Creating Efficiencies System-wide
As previously reported in 2010, the establishment of the Comparative Research Institute seeks to review system-wide data on medical equipment suppliers and clinician practices, in order to optimize value for U.S. taxpayers who fund federal health care programs like Medicare. Though this has been criticized as just another government agency, the purpose is to look across the health care system of disparate providers including; medical equipment suppliers, purveyors of high-tech devices, and clinics to find ways to save money for the entire system. Certainly not everyone will be happy with this process, but one wonders how many of them are in fact the excessive profiteers.

Like it or not, several components of the 2010 landmark health care legislation are here to stay because they profoundly impact Medicare and Medicaid programs, which consumes 32% of the 2011 federal budget. We do need to spend taxpayer money more wisely and part of that process includes scrutinizing all of the components of health care delivery. The government oversight is necessary to curtail cheating and other criminal activities.

A Clinical Case: How America’s Private Health Care System Is Not Producing Best Practice Results for Kidney Dialysis

A basic tenant of a capitalist economic system creates a disproportionate incentive towards money making activities which often fall short of optimal patient care. A good example of this capitalist infusion is the kidney dialysis system in the United States, which sprang up because of the congressional ruling to cover end-stage-renal-disease under the Medicare umbrella in the 1960’s. The entities that seized this “new market” were largely for-profit corporations. For those of you who do not know, kidney dialysis is a mechanical cleansing process which is lifesaving for those whose kidneys have ceased to support their renal systems. International data on dialysis treatment shows that Americans on dialysis do not survive as long as patients in other industrialized countries and also experience more clinical complications. This should come as no surprise when the corresponding American health care incentives are based only on providing the dialysis procedure, not optimizing patient health.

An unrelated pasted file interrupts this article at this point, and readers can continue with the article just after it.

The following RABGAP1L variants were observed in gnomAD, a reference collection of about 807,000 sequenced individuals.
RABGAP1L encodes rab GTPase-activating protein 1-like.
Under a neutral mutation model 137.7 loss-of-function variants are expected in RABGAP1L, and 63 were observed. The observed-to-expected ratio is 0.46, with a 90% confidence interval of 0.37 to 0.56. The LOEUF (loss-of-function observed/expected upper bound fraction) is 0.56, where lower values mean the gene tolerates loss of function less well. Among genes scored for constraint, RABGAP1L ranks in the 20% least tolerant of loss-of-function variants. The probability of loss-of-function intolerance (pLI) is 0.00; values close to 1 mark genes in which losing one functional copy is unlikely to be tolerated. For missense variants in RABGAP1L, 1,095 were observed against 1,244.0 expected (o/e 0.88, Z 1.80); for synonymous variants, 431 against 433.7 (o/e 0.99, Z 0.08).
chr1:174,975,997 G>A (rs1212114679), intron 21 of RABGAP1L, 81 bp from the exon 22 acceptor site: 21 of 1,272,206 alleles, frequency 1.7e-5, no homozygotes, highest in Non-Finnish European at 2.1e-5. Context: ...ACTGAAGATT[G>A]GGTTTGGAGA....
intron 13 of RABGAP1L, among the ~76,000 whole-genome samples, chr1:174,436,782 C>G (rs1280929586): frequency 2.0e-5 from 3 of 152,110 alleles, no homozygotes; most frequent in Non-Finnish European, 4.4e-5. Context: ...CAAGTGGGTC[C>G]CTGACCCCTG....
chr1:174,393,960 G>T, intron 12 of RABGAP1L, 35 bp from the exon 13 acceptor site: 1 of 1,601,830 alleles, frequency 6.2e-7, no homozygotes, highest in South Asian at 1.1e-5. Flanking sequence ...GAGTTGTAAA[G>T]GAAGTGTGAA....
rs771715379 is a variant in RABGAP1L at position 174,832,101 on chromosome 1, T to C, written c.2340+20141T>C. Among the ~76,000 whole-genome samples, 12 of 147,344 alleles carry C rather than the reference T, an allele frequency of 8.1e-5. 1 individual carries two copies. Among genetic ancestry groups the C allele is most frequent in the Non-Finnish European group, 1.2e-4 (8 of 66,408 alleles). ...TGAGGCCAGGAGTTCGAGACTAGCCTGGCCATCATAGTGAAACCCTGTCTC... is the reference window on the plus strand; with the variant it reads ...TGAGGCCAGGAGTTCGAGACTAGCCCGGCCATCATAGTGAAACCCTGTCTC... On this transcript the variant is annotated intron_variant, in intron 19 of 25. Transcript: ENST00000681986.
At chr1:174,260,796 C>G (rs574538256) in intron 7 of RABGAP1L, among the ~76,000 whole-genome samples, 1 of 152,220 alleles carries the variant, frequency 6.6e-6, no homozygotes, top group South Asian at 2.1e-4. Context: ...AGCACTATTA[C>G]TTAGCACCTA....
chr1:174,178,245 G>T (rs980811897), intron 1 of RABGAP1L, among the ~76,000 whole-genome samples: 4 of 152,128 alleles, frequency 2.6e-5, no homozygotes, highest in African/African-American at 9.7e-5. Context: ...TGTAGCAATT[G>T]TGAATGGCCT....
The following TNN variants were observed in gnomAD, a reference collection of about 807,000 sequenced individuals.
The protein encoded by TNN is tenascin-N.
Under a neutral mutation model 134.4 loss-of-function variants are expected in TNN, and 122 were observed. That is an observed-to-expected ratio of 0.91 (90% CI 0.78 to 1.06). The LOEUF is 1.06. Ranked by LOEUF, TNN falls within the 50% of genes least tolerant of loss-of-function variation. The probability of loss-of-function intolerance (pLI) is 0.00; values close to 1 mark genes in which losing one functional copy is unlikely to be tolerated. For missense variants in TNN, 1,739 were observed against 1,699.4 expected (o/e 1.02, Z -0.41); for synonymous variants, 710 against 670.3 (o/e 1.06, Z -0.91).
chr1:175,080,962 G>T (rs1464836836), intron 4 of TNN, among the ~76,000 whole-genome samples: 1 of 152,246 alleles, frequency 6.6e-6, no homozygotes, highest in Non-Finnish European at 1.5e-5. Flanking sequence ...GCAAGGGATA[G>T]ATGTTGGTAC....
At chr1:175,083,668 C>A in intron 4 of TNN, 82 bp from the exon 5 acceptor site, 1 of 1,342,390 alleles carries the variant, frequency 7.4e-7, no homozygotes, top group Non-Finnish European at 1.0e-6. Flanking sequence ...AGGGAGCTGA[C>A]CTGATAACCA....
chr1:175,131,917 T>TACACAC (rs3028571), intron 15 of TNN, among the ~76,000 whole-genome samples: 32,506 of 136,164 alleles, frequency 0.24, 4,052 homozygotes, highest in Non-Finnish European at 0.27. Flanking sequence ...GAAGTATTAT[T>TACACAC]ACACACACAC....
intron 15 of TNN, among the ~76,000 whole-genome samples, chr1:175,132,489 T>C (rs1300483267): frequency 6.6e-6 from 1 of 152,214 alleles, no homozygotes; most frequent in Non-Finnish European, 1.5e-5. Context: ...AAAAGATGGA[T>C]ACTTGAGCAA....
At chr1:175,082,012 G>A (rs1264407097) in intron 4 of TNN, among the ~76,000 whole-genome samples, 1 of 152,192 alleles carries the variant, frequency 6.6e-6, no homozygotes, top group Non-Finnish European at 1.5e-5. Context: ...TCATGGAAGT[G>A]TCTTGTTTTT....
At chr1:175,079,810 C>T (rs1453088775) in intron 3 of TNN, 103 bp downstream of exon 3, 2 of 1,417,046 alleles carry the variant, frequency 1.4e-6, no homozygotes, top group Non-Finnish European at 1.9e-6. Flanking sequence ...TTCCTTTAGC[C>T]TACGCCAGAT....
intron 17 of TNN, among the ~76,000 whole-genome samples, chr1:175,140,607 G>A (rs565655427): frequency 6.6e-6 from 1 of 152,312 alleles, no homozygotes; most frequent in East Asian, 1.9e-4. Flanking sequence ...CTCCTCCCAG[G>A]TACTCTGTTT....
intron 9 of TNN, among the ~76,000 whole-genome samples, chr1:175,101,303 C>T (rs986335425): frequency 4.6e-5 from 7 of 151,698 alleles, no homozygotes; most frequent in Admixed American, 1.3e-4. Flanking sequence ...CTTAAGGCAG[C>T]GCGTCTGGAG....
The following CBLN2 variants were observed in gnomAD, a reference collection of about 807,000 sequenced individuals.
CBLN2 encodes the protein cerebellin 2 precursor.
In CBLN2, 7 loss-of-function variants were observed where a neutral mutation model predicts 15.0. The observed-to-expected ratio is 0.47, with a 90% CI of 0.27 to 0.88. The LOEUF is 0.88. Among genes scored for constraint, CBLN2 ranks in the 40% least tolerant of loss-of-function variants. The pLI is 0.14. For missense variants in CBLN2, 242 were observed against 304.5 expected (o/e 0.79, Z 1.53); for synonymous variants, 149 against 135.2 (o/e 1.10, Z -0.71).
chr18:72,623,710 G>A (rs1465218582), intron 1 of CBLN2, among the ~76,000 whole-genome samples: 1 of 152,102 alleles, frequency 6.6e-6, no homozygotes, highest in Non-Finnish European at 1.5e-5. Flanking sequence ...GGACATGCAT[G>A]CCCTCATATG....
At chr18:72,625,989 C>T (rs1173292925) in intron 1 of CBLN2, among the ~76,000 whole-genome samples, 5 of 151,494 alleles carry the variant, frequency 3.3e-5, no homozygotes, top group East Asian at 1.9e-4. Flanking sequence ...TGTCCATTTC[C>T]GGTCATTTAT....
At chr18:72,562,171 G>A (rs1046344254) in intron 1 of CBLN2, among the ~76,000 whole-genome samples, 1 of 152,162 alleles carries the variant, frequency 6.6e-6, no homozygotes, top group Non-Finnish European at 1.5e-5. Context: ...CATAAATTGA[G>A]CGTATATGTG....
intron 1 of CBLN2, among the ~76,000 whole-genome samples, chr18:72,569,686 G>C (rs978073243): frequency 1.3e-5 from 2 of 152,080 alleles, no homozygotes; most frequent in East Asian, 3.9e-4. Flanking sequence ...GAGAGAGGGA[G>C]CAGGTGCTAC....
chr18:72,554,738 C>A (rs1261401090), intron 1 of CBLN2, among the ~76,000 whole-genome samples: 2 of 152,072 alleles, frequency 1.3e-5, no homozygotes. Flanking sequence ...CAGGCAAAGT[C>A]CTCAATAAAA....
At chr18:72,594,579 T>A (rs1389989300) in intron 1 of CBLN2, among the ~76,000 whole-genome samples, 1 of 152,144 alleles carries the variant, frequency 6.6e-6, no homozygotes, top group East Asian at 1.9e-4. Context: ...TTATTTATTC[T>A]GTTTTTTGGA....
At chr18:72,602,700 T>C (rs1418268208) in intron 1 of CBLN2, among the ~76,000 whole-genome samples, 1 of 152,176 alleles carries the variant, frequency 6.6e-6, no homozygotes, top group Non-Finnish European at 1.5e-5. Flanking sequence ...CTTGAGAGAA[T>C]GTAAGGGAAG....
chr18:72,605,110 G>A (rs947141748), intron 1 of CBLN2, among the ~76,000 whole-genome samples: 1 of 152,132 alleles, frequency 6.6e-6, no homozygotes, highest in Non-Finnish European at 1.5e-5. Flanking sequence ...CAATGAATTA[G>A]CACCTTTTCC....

For the profitable dialysis centers, like DaVita, business has been brisk as the American population undergoing dialysis has grown from 11,000 people at inception to over 300,000 people today. Each patient on dialysis brings in about $72,000 just for that procedure, so the industry is worth billions. Examples of how the maximization of profit has impaired clinical processes include the dialysis center protocols which discourage the use of fresh kidney processing devices for each patient and thereby greatly increase the chance of infection. So some MBA figured out they could save their organization money by reusing artificial kidneys on a critically ill population and this has become a standard of practice.
Another example of a U.S. renal failure outcome which differs from other global practices is the limited number of dialysis patients who use the peritoneal process, which can improve the individual’s the quality of life. Clinicians have suggested that American patients are often too ill to be eligible for the home-based peritoneal process. As a society which is paying for this treatment, we need to be asking what we can do to treat these people earlier in their disease progress, so they may become eligible for less taxing treatments(and less expensive). Too often the U.S. health care system steps in literally at the “end-stage-of-treatment” because our system of economic reinforcements only assures payment at that time. This dichotomy is what needs to change.